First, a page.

And finally, are the earth’s resources the absolute limit on economic growth? Yesterday we asked this question and promised to answer it today: What if the end of the credit boom means the tide of credit recedes from global markets and demand for finished goods and commodities goes back to something…less over-stimulated?
We now regret asking the question. But it’s an important one. So we’ll fulfil our promise and take a stab at it.
Credit booms are so disastrous—in real life—because they accelerate the inefficient use of resources. When you have a bogus price for money, people make bogus decisions with money. They waste it on projects that don’t produce any wealth for anyone.
Think of the massive over-hang of housing inventory in America. It all started with easy credit. That flood of cash to new borrowers conveyed bad information to home builders. They assumed, quite wrongly, that the demand for their product was in a long-term, irreversible upswing. So they built a huge armada of McMansions from the mountains, to the valleys, to the oceans, white with foam.
But the demand was bogus. When the cost of money was jacked up by the Fed, demand suddenly constricted. Prices are falling. And the home builders are left with massive inventory.
Houses are not widgets though. They have wood in them. And copper. And plastic and carpet and furniture and entertainment consoles and concrete for the foundation and the list goes on. Do you see what’s, happened then?
An enormous amount of real resources have been tied up an investment that’s neither generating income nor rising in value. You would call this a massive “misallocation of capital” in economic terms. And though the houses may some day be occupied, the capital that went into building them is essentially idle until then, sitting on its lazy butt doing nothing.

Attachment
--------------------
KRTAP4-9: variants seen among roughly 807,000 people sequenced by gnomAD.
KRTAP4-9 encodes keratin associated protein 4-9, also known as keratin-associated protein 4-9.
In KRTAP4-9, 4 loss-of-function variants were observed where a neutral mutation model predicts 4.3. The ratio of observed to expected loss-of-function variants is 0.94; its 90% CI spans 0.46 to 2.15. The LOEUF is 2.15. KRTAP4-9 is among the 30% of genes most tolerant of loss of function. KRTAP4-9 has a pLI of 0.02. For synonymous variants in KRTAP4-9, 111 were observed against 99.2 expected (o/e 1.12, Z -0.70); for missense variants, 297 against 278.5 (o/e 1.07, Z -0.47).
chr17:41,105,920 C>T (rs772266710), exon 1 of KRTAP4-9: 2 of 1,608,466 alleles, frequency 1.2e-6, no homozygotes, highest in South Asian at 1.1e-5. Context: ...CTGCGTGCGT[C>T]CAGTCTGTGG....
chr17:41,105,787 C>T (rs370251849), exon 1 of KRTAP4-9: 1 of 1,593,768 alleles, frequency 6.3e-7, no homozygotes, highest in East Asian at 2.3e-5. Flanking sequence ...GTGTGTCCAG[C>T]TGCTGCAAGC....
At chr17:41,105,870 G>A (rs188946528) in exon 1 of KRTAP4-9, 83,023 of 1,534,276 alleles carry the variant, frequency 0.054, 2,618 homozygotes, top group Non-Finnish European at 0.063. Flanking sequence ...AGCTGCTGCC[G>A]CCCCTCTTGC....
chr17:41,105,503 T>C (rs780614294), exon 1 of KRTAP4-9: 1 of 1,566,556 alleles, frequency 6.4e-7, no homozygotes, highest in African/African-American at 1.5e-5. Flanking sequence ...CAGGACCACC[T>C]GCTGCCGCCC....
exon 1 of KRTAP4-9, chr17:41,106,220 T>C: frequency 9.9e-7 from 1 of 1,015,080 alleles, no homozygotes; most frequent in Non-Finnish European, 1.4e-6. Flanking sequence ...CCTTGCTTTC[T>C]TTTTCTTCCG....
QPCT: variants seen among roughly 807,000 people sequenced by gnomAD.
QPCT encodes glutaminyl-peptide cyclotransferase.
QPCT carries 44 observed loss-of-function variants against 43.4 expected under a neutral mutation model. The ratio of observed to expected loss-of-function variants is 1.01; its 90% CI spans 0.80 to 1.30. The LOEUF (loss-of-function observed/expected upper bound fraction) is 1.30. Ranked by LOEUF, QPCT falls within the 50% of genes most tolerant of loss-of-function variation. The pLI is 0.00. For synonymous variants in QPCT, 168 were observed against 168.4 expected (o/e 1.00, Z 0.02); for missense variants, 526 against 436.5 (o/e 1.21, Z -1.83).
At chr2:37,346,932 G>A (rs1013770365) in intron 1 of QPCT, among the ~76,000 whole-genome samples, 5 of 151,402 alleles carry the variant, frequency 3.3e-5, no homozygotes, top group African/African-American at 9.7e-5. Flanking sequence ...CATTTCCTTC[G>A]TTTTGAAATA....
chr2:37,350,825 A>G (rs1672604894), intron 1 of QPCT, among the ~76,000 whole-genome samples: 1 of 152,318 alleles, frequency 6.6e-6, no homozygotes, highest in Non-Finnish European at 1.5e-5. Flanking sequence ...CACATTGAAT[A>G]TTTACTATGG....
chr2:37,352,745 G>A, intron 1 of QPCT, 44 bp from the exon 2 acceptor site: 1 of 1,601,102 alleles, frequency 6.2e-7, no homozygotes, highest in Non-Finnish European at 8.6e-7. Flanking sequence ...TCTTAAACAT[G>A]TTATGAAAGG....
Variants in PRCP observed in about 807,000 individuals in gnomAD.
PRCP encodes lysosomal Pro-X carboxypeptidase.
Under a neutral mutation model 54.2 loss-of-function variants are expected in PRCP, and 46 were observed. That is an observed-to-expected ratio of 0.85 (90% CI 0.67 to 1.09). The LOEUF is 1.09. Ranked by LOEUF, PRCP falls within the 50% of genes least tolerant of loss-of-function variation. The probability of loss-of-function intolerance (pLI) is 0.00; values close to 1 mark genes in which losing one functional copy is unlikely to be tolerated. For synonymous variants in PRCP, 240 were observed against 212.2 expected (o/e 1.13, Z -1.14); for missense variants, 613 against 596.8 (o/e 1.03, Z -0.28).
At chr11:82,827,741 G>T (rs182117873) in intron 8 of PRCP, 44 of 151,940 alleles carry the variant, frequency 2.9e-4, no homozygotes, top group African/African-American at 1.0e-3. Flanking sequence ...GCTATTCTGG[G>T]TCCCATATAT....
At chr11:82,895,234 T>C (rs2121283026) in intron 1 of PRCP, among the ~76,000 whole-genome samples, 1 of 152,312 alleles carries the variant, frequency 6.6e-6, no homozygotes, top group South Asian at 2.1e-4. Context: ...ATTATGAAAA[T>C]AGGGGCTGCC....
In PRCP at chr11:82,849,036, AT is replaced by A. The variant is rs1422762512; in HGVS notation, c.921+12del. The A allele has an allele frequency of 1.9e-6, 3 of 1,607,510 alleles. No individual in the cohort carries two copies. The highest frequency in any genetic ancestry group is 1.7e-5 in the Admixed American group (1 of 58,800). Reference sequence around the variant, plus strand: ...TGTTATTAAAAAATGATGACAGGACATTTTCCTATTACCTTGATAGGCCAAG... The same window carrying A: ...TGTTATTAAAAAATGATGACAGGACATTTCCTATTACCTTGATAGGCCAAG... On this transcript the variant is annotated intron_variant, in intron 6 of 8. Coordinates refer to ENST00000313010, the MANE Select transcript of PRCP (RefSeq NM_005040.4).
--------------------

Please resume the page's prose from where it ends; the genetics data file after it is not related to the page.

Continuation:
You could make the argument, then, that the entire boom of the last ten years was born of cheap money. The world has too much productive capacity already. Too many things. This is not a metaphysical argument about whether material goods make us happy. It just means the world may have over-invested in productive capacity based on bad price signals that began when the Fed started fiddling around with the price of money.
And based on this credit boom, we have been using up the earth’s resources at a much faster rate than we otherwise would have. Credit accelerates the use of natural resources. Too much credit leads inevitably to inefficient use of resources. That’s where we are today.
Where do we go from here? To eat breakfast! But we’ll leave you with this thought. In the last 100 years, the price of labour and raw materials has gone down, in real terms. This makes goods cheaper for consumers. The one major economic input that could get cheaper still is energy.
Energy HAS been pretty cheap for a long time. But its cost—measured not just in the price of oil but in geopolitical and environmental terms—is rising. Our guess is that for the industrial revolution to continue in China and India, the energy revolution will have to move from hydrocarbon power to solar power.
The earth is not a closed system, in energy terms. It gets free, unlimited energy every day from the sun. We just haven’t figured out how to put that in a gas tank or turn it into base load power for the electric grid…yet.
Markets and Money